White Pine Needle Disease generates concern in Maine

Posted July 01, 2014, at 11:52 a.m.

AUGUSTA, Maine — Maine Department of Agriculture, Conservation and Forestry officials have received numerous calls recently regarding the extensive early “casting” of white pine needles. Callers have stressed that the white pine crowns of affected trees have turned from the dull winter green to a yellow-straw color and then quickly to tan and brown. Heavy rains resulted in the near complete removal of the affected needles from the trees, leaving crowns appearing thin.

With many trees now having only the current-season needles left to photosynthesize, concerns have been raised prompting this informational bulletin from the Department.

White pine needle-drop condition

The white pine needle disease epidemic has been occurring in Maine, and in most other areas of New England and New York, for at least eight consecutive years, according to the agriculture department. Above-average spring and summer precipitation patterns experienced in the Northeast for the past decade are believed to be a primary factor in facilitating needle infection, caused by the development of one or more of several pathogenic fungi.

Fungi infect needles early in spring and develop through the needles during summer and fall.  The following year, when the weather warms, the symptoms on the infected one-year-old needles first appear during early to mid-June. The progress from symptom development through needle casting occurs over a very short period of time – usually about three or four weeks.  The symptoms appear as a rapid flare-up of needle yellowing and casting, which has occurred throughout Maine over the past two weeks. This year, trees continue to show weakening due to the stress caused by the reduction in foliage and photosynthetic efficiency.

What is being done to address this?

State Foresters are collaborating with neighboring states and with the U.S. Forest Service to determine the scope of the problem and identify solutions. In Maine, a survey of damaged trees is currently underway and results will be compared with defoliation estimates from previous years. Early indications are that the severity of disease is similar to that in past years, but that the long-term effect of many consecutive years of the loss of the one-year-old needles has weakened some trees to the point where mortality is now occurring. Other secondary insect and disease problems have also appeared in many stands where sustained and severe damage from the needle disease complex has occurred, but these effects are not yet well-understood. It appears that for the foreseeable future, white pine will be another threatened resource unless the needle disease epidemic abates, either from a break in the weather and moisture patterns, or from some other as yet unknown reason.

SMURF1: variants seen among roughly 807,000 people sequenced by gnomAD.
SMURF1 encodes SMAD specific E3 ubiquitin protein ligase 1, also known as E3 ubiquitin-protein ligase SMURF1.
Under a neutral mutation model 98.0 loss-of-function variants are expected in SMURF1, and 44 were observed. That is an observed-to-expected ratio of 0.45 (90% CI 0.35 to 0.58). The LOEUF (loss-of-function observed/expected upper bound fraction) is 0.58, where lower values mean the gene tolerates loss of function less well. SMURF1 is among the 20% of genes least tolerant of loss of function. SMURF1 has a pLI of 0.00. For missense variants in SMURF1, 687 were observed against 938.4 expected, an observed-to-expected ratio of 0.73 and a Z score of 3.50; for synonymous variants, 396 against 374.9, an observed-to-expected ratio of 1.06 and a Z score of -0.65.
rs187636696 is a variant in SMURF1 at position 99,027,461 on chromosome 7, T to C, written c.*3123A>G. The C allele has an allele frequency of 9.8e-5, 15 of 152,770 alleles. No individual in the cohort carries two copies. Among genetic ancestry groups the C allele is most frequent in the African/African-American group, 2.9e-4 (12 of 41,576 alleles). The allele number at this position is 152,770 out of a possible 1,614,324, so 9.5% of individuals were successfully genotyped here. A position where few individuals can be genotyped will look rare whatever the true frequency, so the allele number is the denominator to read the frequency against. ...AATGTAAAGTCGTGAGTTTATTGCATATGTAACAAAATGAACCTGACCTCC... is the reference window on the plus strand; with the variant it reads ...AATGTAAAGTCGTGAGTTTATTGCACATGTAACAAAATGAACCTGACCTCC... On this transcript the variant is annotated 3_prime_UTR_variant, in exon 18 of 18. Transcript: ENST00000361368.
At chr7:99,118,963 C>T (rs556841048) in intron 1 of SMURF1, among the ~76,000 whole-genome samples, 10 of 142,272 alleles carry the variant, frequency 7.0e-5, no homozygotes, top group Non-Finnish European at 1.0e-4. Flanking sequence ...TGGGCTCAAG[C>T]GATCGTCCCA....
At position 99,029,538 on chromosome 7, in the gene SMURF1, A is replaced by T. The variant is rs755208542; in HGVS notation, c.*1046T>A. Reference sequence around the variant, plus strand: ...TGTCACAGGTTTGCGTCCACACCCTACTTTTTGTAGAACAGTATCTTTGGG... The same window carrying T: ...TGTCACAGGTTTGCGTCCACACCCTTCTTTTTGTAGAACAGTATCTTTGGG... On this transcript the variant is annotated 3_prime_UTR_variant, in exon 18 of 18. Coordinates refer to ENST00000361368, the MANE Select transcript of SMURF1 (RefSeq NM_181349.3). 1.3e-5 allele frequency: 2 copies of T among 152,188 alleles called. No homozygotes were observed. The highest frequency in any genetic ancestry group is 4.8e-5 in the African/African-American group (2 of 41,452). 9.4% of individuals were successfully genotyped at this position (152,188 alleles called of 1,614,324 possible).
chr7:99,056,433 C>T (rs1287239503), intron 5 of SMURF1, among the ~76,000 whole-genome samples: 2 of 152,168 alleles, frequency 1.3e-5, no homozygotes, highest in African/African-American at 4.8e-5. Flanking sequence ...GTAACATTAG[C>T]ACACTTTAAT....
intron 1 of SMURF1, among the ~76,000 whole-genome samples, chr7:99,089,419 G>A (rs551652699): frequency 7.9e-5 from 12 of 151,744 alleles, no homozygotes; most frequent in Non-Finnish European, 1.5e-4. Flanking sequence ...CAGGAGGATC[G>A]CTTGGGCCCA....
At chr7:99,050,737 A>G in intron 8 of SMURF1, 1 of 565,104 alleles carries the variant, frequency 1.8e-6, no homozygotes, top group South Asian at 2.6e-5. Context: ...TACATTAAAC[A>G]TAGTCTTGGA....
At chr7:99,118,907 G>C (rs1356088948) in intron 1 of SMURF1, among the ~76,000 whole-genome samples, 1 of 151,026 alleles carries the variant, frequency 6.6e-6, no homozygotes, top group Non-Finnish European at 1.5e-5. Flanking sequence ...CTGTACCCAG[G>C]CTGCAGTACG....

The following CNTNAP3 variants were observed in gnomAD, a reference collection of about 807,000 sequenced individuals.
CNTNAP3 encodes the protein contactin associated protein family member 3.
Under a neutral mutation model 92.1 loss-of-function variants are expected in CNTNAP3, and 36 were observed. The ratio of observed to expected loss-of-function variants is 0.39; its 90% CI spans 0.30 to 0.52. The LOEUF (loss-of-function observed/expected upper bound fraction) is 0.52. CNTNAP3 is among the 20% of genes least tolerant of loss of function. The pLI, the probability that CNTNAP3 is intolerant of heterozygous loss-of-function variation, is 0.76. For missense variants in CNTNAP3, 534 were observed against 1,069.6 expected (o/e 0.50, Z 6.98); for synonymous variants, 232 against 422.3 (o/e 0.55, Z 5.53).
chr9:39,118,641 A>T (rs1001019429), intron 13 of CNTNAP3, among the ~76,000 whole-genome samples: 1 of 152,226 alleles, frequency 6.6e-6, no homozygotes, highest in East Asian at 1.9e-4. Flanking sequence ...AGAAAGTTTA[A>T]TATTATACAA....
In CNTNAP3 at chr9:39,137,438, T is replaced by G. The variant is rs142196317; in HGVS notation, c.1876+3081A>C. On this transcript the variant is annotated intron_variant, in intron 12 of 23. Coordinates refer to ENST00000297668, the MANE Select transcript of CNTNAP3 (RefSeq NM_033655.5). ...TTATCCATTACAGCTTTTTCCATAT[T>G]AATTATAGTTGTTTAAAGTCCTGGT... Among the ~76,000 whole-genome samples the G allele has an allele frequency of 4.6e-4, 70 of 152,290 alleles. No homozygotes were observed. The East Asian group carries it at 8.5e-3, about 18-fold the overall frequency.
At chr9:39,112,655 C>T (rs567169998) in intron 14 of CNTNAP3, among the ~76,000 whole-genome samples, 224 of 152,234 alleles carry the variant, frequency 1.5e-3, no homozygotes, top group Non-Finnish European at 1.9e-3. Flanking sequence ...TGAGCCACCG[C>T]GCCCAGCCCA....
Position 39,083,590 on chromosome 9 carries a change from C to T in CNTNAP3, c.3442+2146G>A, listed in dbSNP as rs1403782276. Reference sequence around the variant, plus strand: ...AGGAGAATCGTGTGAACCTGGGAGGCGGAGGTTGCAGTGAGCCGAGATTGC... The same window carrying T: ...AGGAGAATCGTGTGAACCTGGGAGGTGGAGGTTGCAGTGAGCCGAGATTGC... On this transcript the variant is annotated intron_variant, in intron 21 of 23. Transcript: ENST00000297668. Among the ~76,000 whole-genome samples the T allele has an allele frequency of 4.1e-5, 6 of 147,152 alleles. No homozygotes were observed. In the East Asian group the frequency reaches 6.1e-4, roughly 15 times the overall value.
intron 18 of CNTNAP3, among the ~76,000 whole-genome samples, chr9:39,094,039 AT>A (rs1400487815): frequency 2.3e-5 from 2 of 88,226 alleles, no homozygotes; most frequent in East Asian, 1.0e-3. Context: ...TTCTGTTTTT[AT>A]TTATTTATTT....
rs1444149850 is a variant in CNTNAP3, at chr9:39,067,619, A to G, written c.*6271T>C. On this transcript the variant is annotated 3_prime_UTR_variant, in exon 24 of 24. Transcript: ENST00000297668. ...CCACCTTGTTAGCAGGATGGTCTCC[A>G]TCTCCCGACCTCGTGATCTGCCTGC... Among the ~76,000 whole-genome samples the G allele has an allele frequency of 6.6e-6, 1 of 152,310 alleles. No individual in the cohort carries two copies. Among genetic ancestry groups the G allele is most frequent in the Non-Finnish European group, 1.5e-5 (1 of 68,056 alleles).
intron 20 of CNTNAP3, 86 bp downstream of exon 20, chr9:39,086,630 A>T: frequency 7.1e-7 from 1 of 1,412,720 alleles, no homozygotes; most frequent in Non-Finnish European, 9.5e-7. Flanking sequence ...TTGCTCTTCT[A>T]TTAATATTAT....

What can you do?

Control or management recommendations are limited, but state foresters urge caution before conducting thinning operations. As this season progresses, current-season foliage will develop that will help to “mask” the thin appearance of the crowns. Heavily infected stands and trees in stands where mortality is believed to be the result of needle diseases may be salvaged.  Thinning efforts need to be carefully considered, as thinning operations may cause additional stress and result in an increase in mortality and stand collapse. In the meantime, landowners should consult with a professional before thinning operations.

Who can you contact?

Woodland owners are encouraged to contact their licensed forester to help assess the actual impact of the blight on their woods. For yard and ornamental trees, contact a licensed arborist. If you need help finding a resource professional, contact the Maine Forest Service at 1-800-367-0223 (in state) or (207) 287-2791.

For more information about the Maine Department of Agriculture, Conservation and Forestry, go to: http://www.maine.gov/dacf/

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